Of all the architects of the last 100 years, Frank Lloyd Wright now seems closest to the newest urban growth of America and its most complete expression: contemporary Los Angeles.
Wright's vision of a decentralized, repeating pattern of development, spreading out from sea to sea, based on the automobile and yet preserving contact with nature, can be discerned under the deceptive surface of our extended city. He called his vision "Broadacre City," and built a scale model of it, the size of a small ballroom, in the 1930s. Though Wright expressed contempt for 20th century American culture, so profound was his genius that he was able to comprehend where development was headed--even when it was shaped by forces hateful to his sensibility.
In designing Broadacre City, Wright, like Thomas Jefferson, saw a society based on farming, where most lived on and with the land (little Monticellos), or in rural villages. Broadacre was designed to be accessible by the motor car--"Everyman's new standard of space-measurement . . . is the man seated in his car." At selected crossroads, glass-covered markets--a clear vision of today's shopping malls--would be located where goods could be bought and sold. Around these markets would be clustered other civic uses and entertainments.
More than any architect of our time, Wright understood the power and potential of the automobile to transform the pattern of human settlement. He loved and bought expensive, glitzy cars and designed some funny-looking ones. But he was interested in using the car to justify an alternative set of values that would have excluded much of what passes for glitz in Los Angeles today.
Wright also shared with Jefferson a belief in the spiritual benefits of continuous contact with nature--a recurring theme in American thought and literature. Both men were deeply suspicious of the urban model of the European city and the social ills that they perceived grew out of its density and the separation from the land. Wright warned of the corruption of American values by the urban mobocracy. His heroes were Henry David Thoreau and Ralph Waldo Emerson, and he wanted to reestablish the nuclear family in relation to nature--a building block of Jeffersonian democracy. To recover what is holy and venerable in the agrarian tradition.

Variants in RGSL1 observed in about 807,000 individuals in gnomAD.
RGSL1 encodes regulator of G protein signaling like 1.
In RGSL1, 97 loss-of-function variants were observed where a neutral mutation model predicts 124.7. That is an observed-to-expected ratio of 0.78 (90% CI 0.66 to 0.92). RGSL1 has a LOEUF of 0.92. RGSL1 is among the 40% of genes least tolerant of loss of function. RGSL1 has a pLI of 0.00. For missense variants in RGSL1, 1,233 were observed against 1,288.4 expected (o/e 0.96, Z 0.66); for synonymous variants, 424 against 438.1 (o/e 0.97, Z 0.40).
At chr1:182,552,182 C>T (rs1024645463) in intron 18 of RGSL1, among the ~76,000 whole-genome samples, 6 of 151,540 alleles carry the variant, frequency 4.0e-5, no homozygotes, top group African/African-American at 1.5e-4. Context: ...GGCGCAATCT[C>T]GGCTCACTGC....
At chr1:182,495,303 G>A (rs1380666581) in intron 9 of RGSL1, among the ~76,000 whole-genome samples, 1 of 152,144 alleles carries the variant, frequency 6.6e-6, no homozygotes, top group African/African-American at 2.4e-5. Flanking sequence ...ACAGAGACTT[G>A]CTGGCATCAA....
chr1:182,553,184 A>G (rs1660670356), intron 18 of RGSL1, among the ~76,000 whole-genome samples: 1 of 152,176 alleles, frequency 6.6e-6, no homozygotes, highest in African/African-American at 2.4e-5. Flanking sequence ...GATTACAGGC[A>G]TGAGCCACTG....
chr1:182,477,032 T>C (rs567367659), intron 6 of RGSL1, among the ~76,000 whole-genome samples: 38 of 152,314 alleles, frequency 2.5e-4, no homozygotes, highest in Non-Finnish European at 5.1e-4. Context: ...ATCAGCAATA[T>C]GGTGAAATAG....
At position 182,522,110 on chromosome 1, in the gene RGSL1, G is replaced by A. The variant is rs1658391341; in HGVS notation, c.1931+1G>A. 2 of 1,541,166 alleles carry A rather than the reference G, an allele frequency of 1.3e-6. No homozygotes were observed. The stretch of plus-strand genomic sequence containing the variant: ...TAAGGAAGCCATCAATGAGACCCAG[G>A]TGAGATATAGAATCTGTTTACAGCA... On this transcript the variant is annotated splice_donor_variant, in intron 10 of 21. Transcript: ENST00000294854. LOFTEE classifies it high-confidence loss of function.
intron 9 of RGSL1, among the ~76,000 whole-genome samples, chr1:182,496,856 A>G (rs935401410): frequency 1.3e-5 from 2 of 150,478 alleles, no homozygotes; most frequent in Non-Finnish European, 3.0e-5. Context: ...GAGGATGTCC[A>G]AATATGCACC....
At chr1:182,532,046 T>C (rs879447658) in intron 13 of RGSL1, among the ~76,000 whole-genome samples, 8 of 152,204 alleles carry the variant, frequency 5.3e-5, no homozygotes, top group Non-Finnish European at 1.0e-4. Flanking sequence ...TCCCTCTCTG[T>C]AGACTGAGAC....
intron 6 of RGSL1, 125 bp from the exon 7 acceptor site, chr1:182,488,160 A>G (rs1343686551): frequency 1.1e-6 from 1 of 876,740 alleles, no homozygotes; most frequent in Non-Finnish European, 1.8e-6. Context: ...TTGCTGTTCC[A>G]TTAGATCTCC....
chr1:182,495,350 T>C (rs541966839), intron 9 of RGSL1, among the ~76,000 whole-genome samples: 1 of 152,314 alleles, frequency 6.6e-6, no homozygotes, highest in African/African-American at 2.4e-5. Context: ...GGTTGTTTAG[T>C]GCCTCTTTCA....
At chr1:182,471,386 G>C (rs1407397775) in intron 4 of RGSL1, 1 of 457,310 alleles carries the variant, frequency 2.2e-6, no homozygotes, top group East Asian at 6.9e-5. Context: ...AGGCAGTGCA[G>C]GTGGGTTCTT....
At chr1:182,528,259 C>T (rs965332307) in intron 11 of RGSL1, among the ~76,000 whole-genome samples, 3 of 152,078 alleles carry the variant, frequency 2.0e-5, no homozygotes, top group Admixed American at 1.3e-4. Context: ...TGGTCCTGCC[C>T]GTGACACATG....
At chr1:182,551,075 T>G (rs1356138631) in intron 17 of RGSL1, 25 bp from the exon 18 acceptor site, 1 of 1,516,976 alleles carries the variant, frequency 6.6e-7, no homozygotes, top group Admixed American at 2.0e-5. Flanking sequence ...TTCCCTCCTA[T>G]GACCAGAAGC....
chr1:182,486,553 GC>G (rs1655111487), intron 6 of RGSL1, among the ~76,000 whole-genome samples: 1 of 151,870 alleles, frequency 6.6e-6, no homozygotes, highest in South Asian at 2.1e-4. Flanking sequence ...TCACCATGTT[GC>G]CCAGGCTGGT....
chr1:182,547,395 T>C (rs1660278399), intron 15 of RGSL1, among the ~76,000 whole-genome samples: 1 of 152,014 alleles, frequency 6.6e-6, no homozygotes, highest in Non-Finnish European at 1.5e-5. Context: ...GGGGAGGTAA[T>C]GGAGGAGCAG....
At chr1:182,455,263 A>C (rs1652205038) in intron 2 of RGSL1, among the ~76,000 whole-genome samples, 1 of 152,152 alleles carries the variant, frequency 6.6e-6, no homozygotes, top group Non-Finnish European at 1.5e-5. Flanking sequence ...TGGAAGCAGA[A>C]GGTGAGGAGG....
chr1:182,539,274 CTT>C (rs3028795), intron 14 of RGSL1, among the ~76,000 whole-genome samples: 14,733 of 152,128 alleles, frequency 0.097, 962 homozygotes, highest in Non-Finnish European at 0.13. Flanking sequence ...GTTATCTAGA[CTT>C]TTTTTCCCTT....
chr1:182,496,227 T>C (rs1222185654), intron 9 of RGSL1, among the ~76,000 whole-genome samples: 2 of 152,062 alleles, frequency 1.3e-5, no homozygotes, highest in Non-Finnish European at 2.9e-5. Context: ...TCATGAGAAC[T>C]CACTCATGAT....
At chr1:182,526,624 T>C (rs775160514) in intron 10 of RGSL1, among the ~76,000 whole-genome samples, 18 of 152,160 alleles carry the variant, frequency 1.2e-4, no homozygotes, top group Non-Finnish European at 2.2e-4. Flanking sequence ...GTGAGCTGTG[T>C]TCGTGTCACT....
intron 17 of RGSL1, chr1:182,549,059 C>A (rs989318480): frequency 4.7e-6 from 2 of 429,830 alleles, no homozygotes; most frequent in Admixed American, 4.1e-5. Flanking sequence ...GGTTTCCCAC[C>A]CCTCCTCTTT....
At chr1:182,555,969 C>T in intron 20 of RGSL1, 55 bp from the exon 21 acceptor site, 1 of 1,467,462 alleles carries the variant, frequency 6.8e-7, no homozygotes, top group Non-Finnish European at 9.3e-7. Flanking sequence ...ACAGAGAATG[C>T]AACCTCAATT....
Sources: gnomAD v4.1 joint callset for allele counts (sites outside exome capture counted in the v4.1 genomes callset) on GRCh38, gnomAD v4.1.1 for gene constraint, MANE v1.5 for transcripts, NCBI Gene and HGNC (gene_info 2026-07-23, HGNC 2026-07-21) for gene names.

However much L.A. may seem unrelated to Broadacre City--and certainly our society differs from the assumptions behind Wright's vision--in many ways it is a version of Wright's dream.
We live in a city where there is more space than buildings--unlike Paris, London or New York, where public spaces, such as streets and parks, are carved out of a mass of buildings. In Los Angeles, buildings are incidental and the urban environment, by contrast, is full of holes. The result is a freedom of motion and destination enhanced by the automobile.
Boundaries and constraints do not shape the form of the city, and the same is true of Broadacre, which is "everywhere or nowhere." Its design favors freedom of mobility over social constraints and their expression in older, European cities, created mostly by undemocratic, even authoritarian, political establishments.
Wright's intention was to promote individual self-fulfillment and the impulse toward privatization embedded in the Constitution. Something very like this pattern of development underlies Los Angeles--and most of the new urban growth of the United States.
Wright also understood the profound romance of the American imagination with the single-family home in a tamed natural landscape--a tradition bound up with the lifestyle of the Founding Fathers, and strengthened by the experience of an abundant, pristine continent. This land was the "fresh, green breast of the new world," as F. Scott Fitzgerald writes in "The Great Gatsby," where "man must have held his breath . . . face to face for the last time in history with something commensurate to his capacity for wonder."
Modern architecture, with its arguments for dense, urban housing, has offered a puny alternative to the mythological power of the American dream of a single home surrounded by green. This dream is behind the history and shape of Los Angeles as it was central to the concept of Broadacre City.
Wright believed our consumer culture and the environment it produced was contrary to the spirit of American democracy and an insult to nature and the human spirit. And yet the economic forces he held in contempt were also influenced by the same ideological and cultural aspirations he embraced as central to a democratic society--most Americans would still prefer to live in their own homes on a patch of land, however meager. This is both a cultural and real estate fact.